Prof. Alan E. Brownstein
Alan Brownstein, a nationally recognized Constitutional Law scholar, teaches Constitutional Law, Law and Religion, and Torts at UC Davis School of Law. While the primary focus of his scholarship relates to church-state issues and free exercise and establishment clause doctrine, he has also written extensively on freedom of speech, privacy and autonomy rights, and other constitutional law subjects. His articles have been published in numerous academic journals including the Stanford Law Review, Cornell Law Review, UCLA Law Review and Constitutional Commentary. Brownstein received the UC Davis School of Law's Distinguished Teaching Award in 1995 and the UC Davis Distinguished Scholarly Public Service Award in 2008. He is a member of the American Law Institute.
Professor Brownstein has testified on several occasions before various California Senate Committees on legislation promoting religious liberty and bills that raise Establishment Clause concerns. His assistance is often sought by advocacy groups on issues relating to religious liberty and equality. He is a frequent invited lecturer at academic conferences and regularly participates as a speaker or panelist in law related programs before civic, legal, religious, and educational groups. He is the co-author of dozens of Findlaw columns discussing a range of legal issues.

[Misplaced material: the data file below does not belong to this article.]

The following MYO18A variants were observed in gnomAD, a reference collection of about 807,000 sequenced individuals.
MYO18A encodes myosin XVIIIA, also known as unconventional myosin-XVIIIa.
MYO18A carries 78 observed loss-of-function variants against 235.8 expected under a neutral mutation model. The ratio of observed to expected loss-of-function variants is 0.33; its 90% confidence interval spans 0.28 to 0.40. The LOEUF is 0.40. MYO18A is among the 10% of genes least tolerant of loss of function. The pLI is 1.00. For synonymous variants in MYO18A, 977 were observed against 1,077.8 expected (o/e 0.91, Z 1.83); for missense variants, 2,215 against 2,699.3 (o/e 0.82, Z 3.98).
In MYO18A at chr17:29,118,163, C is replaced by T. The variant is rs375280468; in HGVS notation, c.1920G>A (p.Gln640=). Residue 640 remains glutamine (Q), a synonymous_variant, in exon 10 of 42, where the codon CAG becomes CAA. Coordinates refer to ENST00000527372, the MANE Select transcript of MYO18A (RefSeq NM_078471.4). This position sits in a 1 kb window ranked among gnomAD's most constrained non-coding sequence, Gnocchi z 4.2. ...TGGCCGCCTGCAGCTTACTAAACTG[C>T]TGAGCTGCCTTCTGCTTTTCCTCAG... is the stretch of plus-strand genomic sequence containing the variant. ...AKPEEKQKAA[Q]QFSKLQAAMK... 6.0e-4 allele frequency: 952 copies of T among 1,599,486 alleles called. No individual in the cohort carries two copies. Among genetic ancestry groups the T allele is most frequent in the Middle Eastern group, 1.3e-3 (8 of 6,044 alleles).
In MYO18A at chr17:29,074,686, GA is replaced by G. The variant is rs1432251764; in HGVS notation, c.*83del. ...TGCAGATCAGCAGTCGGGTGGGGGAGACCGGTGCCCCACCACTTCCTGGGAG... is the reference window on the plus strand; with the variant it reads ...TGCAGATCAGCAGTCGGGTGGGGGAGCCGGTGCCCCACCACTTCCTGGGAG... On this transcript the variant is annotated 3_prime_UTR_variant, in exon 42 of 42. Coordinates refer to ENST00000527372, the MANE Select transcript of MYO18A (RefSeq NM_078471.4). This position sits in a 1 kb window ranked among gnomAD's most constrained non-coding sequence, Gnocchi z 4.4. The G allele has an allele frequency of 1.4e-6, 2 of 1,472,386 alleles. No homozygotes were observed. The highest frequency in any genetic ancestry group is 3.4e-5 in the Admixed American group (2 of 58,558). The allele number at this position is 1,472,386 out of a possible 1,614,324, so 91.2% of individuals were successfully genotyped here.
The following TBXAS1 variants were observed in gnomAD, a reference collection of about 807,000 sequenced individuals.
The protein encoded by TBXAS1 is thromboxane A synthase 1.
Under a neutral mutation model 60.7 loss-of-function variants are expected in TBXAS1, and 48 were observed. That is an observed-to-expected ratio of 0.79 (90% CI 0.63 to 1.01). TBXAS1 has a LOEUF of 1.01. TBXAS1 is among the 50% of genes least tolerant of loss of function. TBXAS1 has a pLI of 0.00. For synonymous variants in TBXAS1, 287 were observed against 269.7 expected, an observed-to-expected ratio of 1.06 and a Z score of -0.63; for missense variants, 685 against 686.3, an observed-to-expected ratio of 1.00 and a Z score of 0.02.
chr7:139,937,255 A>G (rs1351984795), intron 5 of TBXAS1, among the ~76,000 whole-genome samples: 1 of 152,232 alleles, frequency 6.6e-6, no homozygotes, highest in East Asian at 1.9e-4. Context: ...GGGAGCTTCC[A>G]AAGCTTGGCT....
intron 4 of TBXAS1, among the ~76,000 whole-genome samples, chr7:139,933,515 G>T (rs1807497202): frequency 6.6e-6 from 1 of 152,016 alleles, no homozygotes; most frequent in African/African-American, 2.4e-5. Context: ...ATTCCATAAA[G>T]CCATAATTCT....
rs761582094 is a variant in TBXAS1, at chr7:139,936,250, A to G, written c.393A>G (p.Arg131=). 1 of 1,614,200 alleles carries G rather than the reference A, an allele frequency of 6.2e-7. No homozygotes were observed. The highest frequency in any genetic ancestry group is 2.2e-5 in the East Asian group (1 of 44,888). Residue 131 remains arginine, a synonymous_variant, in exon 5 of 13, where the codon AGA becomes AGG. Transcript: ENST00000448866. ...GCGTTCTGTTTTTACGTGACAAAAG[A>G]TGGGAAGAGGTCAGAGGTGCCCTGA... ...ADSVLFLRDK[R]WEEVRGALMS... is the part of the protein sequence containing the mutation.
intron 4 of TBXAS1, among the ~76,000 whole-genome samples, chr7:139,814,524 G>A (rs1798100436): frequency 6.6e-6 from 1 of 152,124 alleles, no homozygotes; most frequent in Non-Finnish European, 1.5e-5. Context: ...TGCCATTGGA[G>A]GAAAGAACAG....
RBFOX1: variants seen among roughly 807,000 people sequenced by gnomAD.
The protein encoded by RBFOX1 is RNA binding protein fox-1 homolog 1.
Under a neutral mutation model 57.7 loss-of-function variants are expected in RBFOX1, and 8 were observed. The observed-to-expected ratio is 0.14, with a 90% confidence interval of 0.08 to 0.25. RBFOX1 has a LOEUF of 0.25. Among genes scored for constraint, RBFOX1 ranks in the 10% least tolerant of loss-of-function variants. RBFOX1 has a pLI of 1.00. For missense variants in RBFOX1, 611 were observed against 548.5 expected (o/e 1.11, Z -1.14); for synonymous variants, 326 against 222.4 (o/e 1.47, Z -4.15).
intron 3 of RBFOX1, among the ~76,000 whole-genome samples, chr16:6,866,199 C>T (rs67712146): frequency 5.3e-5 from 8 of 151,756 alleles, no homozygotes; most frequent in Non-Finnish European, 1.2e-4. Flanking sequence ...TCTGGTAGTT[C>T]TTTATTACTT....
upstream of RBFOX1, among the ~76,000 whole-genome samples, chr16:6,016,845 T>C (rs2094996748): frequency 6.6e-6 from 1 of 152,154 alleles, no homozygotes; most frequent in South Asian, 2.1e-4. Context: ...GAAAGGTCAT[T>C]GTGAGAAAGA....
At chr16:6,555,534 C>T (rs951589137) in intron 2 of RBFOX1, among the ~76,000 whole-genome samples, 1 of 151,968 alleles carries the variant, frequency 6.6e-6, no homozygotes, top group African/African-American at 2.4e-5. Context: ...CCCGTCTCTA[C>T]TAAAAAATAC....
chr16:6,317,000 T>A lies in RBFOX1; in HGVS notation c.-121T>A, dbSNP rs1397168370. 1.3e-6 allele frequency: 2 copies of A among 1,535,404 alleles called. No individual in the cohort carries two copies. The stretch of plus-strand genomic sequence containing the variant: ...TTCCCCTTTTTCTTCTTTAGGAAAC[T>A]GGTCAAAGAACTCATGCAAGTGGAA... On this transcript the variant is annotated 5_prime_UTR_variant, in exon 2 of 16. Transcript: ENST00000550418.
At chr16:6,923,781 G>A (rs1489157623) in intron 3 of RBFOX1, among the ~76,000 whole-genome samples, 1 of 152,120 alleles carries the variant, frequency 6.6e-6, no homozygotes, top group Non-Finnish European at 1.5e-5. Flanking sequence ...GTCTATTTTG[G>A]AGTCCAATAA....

A graduate of Antioch College and Harvard Law School (where he served as a Case Editor of the Harvard Law Review), Brownstein was an attorney in general litigation and corporate practice with the law firm of Tuttle & Taylor in Los Angeles before joining the UC Davis law faculty. From 1977-78, he clerked for the Honorable Frank M. Coffin, Chief Judge of the U.S. District Court of Appeals for the 1st Circuit in Portland, Maine.
"Most lawyers do not practice constitutional law," Brownstein notes, "but members of the Bar bear a special responsibility for understanding constitutional doctrine and communicating its meaning to non-lawyers. The role that constitutional law plays in our society depends in part on the interplay between courts and the political culture. If judicial decisions are unintelligible to the polity and no group accepts responsibility for explaining the Constitution's evolving meaning to the polity, we undermine part of the foundation of the constitutional scheme of things."